The book teems with interesting essays, artist pages, personal reflections and histories and, ecstatically, loads of ephemera from various screenings. Cinema is an event and even when large institutions are involved (SFMOMA, SFAI, KQED and BAM/PFA all having played interesting roles in the development of Bay Area media), the works and culture in Radical Light’s purview are scrappy, marginal and rule-defying. Flyers from shows, dispatches from seminal organizations and photographs enliven the text and remind young guns that the culture has always been suffused with polymaths—artists as curators as critics as janitors as flyer-makers as audiences as artists—and that making a show is as simple and as complex as making a show.

On Thursday February 16th, the excellent Conversations at the Edge series at the Gene Siskel Film Center brings Steve Anker and the New Preservation/New Prints program. The program features works from 1906 to 1984. A number of these films and some of their makers—for me, at least—fall under the “seen about but haven’t seen” category. Making this an even bigger treat is that these films have been well preserved and new prints have been struck. For all the great benefits of increased online visibility of canonical (and forgotten) experimental film history, the joy of seeing these works in a proper cinematic context and in their correct format is immense. You can watch Oh, Dem Watermelons by the recently deceased Robert Nelson below, but you’re better served just tasting it here and letting your interest be sated by real thing.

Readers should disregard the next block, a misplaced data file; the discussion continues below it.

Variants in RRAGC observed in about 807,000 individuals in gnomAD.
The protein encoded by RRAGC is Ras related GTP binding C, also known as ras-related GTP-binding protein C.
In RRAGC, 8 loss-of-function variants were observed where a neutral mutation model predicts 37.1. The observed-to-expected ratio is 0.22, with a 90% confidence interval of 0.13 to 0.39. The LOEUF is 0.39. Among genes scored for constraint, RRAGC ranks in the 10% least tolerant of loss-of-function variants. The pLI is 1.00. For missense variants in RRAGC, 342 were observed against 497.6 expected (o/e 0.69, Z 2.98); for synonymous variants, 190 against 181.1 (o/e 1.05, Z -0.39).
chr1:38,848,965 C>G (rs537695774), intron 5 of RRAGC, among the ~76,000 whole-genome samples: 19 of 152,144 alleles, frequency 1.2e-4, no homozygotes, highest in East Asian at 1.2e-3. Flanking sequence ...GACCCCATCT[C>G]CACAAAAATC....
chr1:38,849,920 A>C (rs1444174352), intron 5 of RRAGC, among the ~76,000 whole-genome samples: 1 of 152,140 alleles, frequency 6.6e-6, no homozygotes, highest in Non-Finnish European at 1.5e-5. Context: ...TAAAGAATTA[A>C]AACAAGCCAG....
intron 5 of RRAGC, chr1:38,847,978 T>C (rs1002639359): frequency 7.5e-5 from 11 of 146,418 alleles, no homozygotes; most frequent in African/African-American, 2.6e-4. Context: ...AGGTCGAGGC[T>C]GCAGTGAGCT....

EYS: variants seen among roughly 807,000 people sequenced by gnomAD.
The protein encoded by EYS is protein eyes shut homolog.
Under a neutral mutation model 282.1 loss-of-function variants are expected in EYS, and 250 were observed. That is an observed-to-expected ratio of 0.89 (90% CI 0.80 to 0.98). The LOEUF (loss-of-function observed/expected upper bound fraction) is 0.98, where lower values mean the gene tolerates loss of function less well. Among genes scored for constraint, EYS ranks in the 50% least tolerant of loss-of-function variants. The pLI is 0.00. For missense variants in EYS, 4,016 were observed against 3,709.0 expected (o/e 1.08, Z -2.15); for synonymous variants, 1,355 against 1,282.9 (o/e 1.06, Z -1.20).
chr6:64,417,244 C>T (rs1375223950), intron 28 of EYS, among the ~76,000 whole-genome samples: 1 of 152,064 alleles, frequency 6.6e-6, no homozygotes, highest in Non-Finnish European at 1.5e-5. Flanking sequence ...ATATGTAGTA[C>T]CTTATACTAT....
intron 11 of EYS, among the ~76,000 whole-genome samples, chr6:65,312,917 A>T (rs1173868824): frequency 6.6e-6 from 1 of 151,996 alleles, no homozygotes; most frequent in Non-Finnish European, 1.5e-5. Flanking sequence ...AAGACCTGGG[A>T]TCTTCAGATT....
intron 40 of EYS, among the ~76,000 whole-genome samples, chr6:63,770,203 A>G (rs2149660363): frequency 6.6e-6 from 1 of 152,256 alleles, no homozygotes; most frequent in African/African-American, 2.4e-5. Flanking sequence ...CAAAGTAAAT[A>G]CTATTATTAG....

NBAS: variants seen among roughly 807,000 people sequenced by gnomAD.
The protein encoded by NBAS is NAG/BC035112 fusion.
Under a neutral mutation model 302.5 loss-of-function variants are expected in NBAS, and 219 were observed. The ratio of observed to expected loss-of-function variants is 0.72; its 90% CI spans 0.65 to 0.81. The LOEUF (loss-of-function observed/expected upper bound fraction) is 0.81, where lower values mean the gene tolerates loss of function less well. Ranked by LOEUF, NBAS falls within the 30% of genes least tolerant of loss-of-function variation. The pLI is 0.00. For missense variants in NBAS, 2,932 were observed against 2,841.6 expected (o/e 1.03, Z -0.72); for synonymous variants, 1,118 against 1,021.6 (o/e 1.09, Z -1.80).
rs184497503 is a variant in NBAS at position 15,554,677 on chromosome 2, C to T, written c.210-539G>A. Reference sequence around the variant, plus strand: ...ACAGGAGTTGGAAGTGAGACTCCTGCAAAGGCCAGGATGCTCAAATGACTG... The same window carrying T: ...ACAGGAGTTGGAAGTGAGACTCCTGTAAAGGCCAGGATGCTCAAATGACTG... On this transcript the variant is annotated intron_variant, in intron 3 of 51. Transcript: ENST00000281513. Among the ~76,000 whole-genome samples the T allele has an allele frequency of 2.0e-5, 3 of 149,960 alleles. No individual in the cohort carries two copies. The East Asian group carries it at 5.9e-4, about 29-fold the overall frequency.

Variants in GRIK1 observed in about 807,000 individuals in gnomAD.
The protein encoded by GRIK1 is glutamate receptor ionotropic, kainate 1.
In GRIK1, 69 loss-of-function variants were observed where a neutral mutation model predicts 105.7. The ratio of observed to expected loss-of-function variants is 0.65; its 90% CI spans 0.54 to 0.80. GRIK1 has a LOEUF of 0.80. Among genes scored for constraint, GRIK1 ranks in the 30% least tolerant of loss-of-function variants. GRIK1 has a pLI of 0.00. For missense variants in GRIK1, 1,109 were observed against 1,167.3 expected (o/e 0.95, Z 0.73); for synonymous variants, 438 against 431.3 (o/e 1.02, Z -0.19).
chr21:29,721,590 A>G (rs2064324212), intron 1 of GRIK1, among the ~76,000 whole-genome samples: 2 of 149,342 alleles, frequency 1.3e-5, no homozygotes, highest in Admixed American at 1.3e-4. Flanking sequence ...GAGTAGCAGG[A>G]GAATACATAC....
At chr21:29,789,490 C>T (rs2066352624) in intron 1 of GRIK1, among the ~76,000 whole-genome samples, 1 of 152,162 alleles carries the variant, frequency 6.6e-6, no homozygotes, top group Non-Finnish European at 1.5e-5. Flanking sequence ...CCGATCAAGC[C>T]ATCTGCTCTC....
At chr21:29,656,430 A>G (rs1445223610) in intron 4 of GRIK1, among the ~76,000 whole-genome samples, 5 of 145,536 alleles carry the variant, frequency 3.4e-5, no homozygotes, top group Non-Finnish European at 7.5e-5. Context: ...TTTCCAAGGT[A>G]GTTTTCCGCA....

One week later, CATE brings us George Kuchar: HotSpell. I love Kuchar’s work, especially the video diaries he began to make in the 1980s. Ed Halter wrote this lovely piece on Kuchar for Artforum and I think it perfectly sums up what makes his work so endlessly watchable. The work is funny, smart and messy. It’s about cinematic representation and camp and biography and the weather while still mostly being about that moment. Halter nails it nicely: “cinema à la Kuchar pivoted on the dialectic between overblown fantasy and schlumpy reality, the films always working double time as documentaries of their own making.”